Oak Ridge Boy Joe Bonsall Talks On the Road

His Latest Book Is Filled With Funny Stories, Wise Observations

There’s a major error of fact in Joe Bonsall’s new book, On the Road With the Oak Ridge Boys. But it’s one the strutting, high-stepping tenor of the famed vocal quartet is happy to live with.

On page 27 of the book Bonsall writes, “One award … has eluded us — the prestigious Country Music Hall of Fame. I’m not sure if this will ever happen, but if it ever did, it would be the greatest of all honors! Perhaps one day it will happen. I can only hope we are still breathing oxygen if it does.”

Well, they can all breathe easy now.

The book had already gone to press when — on the morning of March 25 — the Country Music Association that the Oaks — Bonsall, Duane Allen, William Lee Golden and Richard Sterban — had indeed been elected to the Country Music Hall of Fame.

Also tapped to enter the Hall of Fame with the Oaks were Jim Ed Brown & the Browns and guitarist Grady Martin.

“I’m still not over this Hall of Fame thing,” Bonsall said in a recent conversation with CMT.com. “I think it’s the best thing to have happened in my very long career. It’s very humbling and very moving. … It was a little bittersweet, though, losing Jim Ed Brown.”

Brown died of cancer June 11.

Bonsall joined the Oak Ridge Boys in 1973 and thus had more than 40 years of memories to draw from for the new book. Those memories range from the mundane to the instructive to the riotously funny.

For the record, he bylines this book “Joseph S. Bonsall,” just as he has his early writings.

Joe Bonsall Stephen Lovekin/Getty Images

His narrative arc covers the times from when the Oaks were a barely-getting-by gospel group to their glory days of the early 1980s when they were selling tons of records and attracting huge crowds to their current status as hard-working elder-statesmen of country music who still play 150 shows a year.

“Writing On the Road With the Oak Ridge Boys was a real joy for me,” Bonsall says, “because it’s able not only to make [you] a fly on the wall [witnessing how the Oak Ridge Boys think and operate] but also I take you a little bit further. … It kind of covers a lot of ground.”

Want to know what it’s like living in a crowded bus — even when it’s a luxuriously appointed one? It’s all here. Want to know how important bus drivers, sound technicians, reliable musicians, concert promoters and long-haul fans are to an act? Bonsall tells all and names names.

He has a wicked sense of humor, too. When the Oaks were adjusting to their decline in popularity, Bonsall suggested they call their upcoming round of shows the “Good Seats Still Available” tour.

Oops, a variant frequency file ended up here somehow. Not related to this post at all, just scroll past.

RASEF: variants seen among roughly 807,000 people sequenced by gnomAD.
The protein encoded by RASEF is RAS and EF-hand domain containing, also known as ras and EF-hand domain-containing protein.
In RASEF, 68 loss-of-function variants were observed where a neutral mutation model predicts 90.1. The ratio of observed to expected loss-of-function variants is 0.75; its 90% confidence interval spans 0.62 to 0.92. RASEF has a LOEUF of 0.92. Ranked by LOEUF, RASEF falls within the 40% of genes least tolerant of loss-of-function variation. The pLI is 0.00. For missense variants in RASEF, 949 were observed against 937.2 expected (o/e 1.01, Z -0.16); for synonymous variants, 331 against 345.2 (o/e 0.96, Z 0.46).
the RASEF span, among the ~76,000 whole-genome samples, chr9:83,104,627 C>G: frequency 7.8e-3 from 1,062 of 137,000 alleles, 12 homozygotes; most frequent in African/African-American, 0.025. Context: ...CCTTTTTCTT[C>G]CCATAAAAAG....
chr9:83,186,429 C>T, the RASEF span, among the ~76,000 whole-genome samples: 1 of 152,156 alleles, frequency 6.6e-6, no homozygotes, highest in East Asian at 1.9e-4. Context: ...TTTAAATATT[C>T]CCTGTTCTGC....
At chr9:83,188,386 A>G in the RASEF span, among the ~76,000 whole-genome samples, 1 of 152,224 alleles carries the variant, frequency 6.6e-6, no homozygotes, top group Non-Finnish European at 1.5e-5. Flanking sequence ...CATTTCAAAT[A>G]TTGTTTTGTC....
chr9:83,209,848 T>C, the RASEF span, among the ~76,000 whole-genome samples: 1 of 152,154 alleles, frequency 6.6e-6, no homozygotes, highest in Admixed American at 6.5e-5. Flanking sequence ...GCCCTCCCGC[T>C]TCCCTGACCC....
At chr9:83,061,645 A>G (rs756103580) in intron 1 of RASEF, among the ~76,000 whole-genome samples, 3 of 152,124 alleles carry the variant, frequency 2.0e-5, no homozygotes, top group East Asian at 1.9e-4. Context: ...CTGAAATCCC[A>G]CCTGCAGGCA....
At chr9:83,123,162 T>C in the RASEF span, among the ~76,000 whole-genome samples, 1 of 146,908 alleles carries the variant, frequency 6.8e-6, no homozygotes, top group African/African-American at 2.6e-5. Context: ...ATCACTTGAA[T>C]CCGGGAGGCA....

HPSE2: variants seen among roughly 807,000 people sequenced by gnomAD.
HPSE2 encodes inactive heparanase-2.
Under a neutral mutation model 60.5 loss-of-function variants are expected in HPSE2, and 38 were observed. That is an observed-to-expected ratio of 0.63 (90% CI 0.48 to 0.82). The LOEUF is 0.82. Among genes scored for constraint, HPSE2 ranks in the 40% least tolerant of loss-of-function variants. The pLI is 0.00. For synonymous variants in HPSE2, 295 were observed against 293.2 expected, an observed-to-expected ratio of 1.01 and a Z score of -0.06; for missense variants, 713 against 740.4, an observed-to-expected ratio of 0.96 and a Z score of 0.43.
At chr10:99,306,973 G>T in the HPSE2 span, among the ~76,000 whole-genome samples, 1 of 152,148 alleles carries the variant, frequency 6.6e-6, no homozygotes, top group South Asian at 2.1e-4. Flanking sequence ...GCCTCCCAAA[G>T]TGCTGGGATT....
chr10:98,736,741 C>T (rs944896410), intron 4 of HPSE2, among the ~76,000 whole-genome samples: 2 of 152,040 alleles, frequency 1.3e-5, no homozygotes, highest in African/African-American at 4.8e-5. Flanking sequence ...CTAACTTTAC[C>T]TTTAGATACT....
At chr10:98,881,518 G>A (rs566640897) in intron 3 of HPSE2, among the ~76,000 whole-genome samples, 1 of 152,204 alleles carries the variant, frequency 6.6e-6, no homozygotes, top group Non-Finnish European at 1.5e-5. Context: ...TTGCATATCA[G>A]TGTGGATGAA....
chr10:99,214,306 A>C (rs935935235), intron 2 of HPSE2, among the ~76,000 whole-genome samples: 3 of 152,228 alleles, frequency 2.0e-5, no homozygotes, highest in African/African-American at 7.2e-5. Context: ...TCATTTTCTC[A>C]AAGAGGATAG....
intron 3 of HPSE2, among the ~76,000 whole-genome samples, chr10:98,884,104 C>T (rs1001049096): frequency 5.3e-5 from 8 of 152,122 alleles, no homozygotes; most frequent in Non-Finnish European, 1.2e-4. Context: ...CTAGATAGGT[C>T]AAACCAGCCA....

“Yeah, that got voted down,” he says somberly.

As might be expected, he tells many tales about the practical jokes played on the road to relieve the tedium of incessant travel. Like the time Bonsall called a concert promoter on the day of the show and told him the other members were sick and Bonsall would have to do all the singing himself. He also offered to tell some jokes.

The promoter was in tears, Bonsall recalls, by the time he let him in on the joke. But the promoter got his revenge. When the Oaks’ bus pulled up to the concert site, the huge computerized sign out front read, “APPEARING TONIGHT — THE STATLER BROTHERS.”

He says if Garth Brooks — who once opened for the Oaks — is worried about aging, he should take the Oaks on tour with him. “We’ll make him look like Hunter Hayes!”

Bonsall profiles each member of the Oak Ridge Boys — always lovingly — digging into their individual histories and personal and musical strengths. Lead singer Duane Allen emerges as the calm center of the band’s organizational storm.

Besides his straight-ahead narratives, Bonsall includes a lot of amusing and helpful sidebars, among them “Things You Will Never Hear Said on the Oak Ridge Boys’ Bus” and “Joe’s Road Tips for the Constant Traveler.”

(Among the former, “Golden is shaving,” and among the latter, “If your room number is just two digits, you’re probably booked into a very historic and rustic motel. In other words, a dump!”)

Aspiring musical artists and those already on their way up will profit from reading Bonsall’s musings about the importance of having a wise manager. In the Oaks’ case, it’s “Godfather” Jim Halsey, who’s steered their career since the mid-1970s.

Bonsall has only good things to say about the new faces and sounds of country music, a diplomatic nicety other performers would do well to emulate.

“I say change is good,” he asserts, “and country music is more popular than it’s ever been, so someone’s doing something right.”

Missing from the new book is any mention of that long and painful period from 1987 to 1996 during which Golden was away from the Oaks pursuing a solo career and Steve Sanders was filling in for him. Sanders later abruptly left the Oaks and eventually committed suicide.

But, as Bonsall points out, he did give an accounting of this upheaval in his 2004 book, An American Journey.

“I wrote that whole part of the history then,” he says, “and I didn’t see the need to write it again.”

Written in an easygoing, conversational style, On the Road With the Oak Ridge Boys is so all-embracing it should be required reading for anyone brave enough or foolish enough to consider a life in music.

Edward Morris is a veteran of country music journalism. He lives in Nashville, Tennessee, and is a frequent contributor to CMT.com.